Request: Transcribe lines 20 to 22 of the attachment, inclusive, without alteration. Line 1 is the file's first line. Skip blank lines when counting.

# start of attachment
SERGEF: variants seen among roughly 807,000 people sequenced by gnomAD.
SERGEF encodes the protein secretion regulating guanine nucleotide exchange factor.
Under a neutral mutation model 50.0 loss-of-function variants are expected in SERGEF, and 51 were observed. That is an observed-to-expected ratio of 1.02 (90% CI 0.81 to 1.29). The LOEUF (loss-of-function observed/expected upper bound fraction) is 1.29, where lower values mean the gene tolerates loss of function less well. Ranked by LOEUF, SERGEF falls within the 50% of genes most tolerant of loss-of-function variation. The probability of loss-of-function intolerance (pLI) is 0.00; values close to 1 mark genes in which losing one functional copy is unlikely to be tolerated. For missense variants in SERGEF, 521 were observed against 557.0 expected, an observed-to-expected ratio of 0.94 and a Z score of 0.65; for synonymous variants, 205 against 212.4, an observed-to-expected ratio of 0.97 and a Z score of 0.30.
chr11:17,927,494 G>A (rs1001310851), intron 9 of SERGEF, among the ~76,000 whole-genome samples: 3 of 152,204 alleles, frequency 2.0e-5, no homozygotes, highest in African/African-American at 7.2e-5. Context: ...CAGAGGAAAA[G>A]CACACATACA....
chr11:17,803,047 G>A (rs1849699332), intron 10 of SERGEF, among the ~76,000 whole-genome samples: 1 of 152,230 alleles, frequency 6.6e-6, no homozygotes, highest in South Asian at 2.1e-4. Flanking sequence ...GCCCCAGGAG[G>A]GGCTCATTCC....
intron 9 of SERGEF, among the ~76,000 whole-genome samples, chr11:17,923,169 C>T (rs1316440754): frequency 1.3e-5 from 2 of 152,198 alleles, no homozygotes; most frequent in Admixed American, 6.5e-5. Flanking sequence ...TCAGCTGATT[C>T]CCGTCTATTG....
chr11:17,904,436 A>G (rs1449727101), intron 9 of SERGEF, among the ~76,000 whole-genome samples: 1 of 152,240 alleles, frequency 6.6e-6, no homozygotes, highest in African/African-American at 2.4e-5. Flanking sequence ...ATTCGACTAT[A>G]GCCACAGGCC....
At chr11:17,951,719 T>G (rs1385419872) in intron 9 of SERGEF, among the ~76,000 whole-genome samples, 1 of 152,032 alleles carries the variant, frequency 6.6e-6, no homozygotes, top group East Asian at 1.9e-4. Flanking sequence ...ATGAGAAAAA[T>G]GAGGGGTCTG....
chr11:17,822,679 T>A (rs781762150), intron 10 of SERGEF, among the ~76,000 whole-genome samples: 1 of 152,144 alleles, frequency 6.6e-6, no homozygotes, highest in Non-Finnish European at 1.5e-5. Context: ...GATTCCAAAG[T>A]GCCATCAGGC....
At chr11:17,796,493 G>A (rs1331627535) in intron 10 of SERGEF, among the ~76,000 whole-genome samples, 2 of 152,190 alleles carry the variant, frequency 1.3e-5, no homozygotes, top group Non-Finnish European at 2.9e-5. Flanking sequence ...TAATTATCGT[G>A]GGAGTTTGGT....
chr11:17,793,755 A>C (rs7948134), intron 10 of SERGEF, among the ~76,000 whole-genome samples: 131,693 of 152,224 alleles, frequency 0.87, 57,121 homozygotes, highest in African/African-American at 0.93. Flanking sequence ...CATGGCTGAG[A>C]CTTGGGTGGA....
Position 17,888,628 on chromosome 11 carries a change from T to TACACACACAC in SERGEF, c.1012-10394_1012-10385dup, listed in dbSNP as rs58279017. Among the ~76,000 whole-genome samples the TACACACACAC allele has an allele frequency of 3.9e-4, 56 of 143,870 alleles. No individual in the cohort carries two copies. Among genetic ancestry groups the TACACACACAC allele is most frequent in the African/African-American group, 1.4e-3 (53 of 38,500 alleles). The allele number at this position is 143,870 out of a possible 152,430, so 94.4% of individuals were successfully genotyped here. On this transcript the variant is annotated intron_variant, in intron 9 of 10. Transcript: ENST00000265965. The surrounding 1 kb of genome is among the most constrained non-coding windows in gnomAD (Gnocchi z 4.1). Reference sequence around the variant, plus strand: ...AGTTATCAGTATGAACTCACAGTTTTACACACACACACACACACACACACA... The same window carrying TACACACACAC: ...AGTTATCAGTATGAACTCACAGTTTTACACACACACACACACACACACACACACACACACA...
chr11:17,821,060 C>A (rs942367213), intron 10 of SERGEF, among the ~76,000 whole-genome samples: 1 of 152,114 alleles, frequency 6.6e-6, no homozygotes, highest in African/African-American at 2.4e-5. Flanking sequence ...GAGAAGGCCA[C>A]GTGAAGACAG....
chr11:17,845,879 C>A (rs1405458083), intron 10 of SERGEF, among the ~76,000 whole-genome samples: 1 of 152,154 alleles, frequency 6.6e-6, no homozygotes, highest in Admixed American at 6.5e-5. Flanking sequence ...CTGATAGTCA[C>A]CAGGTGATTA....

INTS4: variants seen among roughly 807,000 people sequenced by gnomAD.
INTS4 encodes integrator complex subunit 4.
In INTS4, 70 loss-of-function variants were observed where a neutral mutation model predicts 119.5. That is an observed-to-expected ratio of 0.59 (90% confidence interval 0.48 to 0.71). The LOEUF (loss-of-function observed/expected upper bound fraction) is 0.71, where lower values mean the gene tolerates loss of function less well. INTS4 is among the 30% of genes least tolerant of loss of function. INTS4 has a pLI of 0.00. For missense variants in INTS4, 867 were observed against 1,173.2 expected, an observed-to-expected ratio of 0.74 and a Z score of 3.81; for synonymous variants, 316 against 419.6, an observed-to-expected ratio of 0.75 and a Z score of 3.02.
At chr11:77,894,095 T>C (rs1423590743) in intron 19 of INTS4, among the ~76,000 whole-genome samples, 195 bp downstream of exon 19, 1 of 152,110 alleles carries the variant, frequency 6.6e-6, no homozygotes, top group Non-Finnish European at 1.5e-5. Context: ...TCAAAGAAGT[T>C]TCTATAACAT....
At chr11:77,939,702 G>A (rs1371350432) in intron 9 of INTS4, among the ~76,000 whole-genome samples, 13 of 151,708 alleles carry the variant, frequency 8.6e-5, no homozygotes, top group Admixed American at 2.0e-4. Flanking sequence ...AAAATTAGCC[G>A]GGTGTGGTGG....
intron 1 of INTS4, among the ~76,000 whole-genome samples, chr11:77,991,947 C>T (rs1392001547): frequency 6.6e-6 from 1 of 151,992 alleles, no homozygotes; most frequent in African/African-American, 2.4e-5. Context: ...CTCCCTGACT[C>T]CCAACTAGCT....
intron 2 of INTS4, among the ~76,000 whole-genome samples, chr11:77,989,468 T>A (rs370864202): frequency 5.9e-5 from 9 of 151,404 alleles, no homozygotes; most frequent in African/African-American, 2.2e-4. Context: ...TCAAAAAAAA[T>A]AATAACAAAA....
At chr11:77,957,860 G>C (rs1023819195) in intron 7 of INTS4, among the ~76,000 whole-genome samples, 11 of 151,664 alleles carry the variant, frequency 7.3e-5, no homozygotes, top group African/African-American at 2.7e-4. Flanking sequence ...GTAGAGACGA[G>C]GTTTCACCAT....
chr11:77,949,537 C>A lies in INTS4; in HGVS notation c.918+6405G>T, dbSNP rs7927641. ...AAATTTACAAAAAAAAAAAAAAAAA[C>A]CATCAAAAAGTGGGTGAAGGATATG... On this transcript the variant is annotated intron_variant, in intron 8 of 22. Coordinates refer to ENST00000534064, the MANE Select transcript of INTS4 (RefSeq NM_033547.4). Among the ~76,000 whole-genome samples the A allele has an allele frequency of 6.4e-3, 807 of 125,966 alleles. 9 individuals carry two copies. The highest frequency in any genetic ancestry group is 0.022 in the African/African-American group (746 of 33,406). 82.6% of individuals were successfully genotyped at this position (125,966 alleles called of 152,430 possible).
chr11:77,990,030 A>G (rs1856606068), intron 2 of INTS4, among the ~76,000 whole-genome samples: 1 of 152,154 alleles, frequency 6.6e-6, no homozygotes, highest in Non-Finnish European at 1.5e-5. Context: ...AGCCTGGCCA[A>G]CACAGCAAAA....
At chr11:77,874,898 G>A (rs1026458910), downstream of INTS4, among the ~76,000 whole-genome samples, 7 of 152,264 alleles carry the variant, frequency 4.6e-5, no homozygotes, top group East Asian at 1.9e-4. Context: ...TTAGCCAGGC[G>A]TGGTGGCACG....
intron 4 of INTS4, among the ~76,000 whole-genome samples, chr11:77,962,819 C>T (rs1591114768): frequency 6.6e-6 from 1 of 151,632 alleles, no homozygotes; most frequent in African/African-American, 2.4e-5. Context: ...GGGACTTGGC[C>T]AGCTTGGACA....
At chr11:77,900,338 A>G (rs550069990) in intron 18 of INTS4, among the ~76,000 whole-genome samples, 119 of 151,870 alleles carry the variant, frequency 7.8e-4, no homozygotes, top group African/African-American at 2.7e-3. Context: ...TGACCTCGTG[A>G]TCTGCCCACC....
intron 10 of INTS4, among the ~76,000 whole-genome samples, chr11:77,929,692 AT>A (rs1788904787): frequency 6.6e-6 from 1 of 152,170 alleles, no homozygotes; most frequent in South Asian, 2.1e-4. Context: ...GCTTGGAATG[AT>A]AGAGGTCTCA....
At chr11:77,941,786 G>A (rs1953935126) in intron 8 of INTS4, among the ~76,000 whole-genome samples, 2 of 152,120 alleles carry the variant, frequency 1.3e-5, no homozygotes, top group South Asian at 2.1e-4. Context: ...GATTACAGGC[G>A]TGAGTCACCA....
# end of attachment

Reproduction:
intron 1 of INTS4, among the ~76,000 whole-genome samples, chr11:77,991,947 C>T (rs1392001547): frequency 6.6e-6 from 1 of 151,992 alleles, no homozygotes; most frequent in African/African-American, 2.4e-5. Context: ...CTCCCTGACT[C>T]CCAACTAGCT....
intron 2 of INTS4, among the ~76,000 whole-genome samples, chr11:77,989,468 T>A (rs370864202): frequency 5.9e-5 from 9 of 151,404 alleles, no homozygotes; most frequent in African/African-American, 2.2e-4. Context: ...TCAAAAAAAA[T>A]AATAACAAAA....
At chr11:77,957,860 G>C (rs1023819195) in intron 7 of INTS4, among the ~76,000 whole-genome samples, 11 of 151,664 alleles carry the variant, frequency 7.3e-5, no homozygotes, top group African/African-American at 2.7e-4. Flanking sequence ...GTAGAGACGA[G>C]GTTTCACCAT....